Morning business news - May 13

Tuesday 13 May 2014 10.54
Morning business news with Conor Brophy
Morning business news with Conor Brophy

Waterford-based pharma company Eirgen is in the middle of a multi-million euro expansion. The company has completed a €4m investment and is adding 40 new jobs. 

Co-founder and chief technology officer Tom Brennan says the company, which was founded in 2005, develops and manufactures niche generic anti-cancer medicines from its FDA-approved plant in Waterford. He describes the drugs which Eirgen focuses on as "high-barrier to entry", adding that they are difficult to develop and manufacture and are typically more high value and low volume than the other way around. Mr Brennan says there is a lot of consolidation in the pharma industry at the moment, with even the big drug firms going after more niche therapeutic areas and moving into biologics and DNA-based therapies which are a lot more specific that the big blockbuster drugs. 

Eirgen is seeing global growth and Mr Brennan points out that 50% of its business is done in the US. The company started out with one product and it now has five different molecules which it sells in 185 different pack configurations in 40 markets around the world. The company has 20 more products in development and the new jobs will give it the capacity to continue with its R&D pipeline and support its commercial supply chain for when it brings the next wave of products to commercial supply.

Nine of the top ten pharma companies in the world have a presence in Ireland, and Mr Brennan says that 25,000 employees work in the industry. But he adds that while the situation is improving, there is only a few mid-sized Irish companies in the sector. He says there is room for a lot more such firms, based on the technology embedded here already. He states that Ireland "ticks all the boxes" for further expansion in the pharma industry due to the big talent pool already here, the high level of quality standards and compliance and the low corporation tax rate - this all gives the country a very good reputation.

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MORNING BRIEFS - Paddy Power chief executive Patrick Kennedy will step down from that role in a year's time. He said he had always had a personal view that after ten years at the helm, change is good, both for the business and the individual.  "With this in mind, I have today given notice to the Board of my intention to step down next April, the tenth anniversary of my appointment," he said. In its interim management statement ahead of its annual shareholder meeting today, meanwhile, Paddy Power said that growth so far this year has been strong with total net revenue up 5%.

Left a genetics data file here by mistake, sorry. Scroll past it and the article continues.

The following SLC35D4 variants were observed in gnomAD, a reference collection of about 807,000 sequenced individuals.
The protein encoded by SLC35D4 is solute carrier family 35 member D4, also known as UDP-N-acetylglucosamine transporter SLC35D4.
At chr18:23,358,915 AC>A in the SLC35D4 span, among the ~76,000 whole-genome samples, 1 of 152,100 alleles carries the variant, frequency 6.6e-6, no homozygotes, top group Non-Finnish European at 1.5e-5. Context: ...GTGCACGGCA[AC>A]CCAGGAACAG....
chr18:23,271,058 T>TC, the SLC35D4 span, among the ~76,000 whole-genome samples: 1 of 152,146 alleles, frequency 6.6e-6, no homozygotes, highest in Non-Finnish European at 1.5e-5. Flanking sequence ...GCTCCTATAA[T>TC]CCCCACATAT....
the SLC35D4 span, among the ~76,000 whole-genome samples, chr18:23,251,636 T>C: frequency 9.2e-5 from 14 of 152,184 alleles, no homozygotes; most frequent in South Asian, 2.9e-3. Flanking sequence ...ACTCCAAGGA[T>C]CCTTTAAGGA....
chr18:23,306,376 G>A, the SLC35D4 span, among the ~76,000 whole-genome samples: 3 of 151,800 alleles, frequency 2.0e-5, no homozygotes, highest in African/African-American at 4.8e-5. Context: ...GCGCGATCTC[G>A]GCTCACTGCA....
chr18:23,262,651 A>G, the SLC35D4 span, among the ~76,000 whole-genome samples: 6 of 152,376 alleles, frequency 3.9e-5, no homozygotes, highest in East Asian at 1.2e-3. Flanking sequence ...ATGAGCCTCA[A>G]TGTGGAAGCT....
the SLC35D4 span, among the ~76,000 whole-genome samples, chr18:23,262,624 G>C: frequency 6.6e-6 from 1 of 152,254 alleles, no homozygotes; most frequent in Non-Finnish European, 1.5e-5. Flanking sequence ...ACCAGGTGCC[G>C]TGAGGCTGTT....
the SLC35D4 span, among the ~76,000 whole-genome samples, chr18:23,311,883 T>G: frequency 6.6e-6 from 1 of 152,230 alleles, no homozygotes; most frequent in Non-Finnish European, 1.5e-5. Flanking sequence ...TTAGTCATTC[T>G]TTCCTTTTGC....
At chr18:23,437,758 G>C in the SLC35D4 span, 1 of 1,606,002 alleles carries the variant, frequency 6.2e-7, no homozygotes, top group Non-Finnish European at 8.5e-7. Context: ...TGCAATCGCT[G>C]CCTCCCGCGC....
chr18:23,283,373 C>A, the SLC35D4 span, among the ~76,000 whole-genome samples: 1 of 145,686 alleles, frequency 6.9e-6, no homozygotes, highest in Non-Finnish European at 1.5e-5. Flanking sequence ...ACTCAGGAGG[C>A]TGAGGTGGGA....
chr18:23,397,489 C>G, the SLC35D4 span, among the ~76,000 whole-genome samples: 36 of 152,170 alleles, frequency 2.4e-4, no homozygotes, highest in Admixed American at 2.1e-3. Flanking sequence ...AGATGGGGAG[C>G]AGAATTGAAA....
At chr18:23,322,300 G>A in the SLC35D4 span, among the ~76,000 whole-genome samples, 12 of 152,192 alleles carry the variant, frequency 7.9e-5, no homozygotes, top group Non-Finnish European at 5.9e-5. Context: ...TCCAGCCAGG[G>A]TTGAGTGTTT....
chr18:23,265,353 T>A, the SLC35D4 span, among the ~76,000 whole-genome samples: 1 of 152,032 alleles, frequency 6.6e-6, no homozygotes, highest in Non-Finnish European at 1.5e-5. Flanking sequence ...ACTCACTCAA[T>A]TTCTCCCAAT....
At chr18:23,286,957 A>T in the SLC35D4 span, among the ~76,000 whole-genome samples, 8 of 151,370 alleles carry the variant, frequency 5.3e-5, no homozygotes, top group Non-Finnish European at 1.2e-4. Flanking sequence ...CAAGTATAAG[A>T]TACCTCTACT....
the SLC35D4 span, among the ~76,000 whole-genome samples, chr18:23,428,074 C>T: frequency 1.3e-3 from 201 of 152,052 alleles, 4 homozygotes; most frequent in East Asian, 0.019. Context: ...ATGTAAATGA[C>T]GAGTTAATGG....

*** Food company Glanbia is positive in its outlook for 2014, according to an interim management statement published this morning. Earnings overall will be in line with previous expectations of 8-10% growth it said. Its consumer products business in Ireland, however, where Glanbia owns brands such as Avonmore, continues to face what the company calls "significant headwinds". Heavy price promotions and discounting activity is hurting margins for both suppliers and retailers it says as consumers remain cash-strapped and seek out value.

*** Savers are beginning to find other purposes for any surplus cash than paying down debt, according to the latest Savings Index from Nationwide UK (Ireland) and the ESRI. In April, 47% of the respondents said they would use surplus cash to pay debt, down from 53% in the same month last year. 39% said they would save it, up from 33% last year but only 10% said they would spend it - this reflects the continuing pressure on disposable incomes.

Nationwide UK (Ireland) managing director Brendan Synott said there were indications from the survey that people were moving from being very cautious to a situation where their level of spending may increase. But issues in the wider economy, including the introduction of water charges, would have an impact on spending intentions in the year ahead, he added.

*** Pfizer is having to work hard to convince British politicians that if it were to succeed in taking over smaller rival AstraZeneca that the consequence would not be job cuts and reduced levels of investment in the UK. Pfizer's boss Ian Read will be questioned at a UK parliamentary committee today on his company's £63 billion approach for AstraZeneca.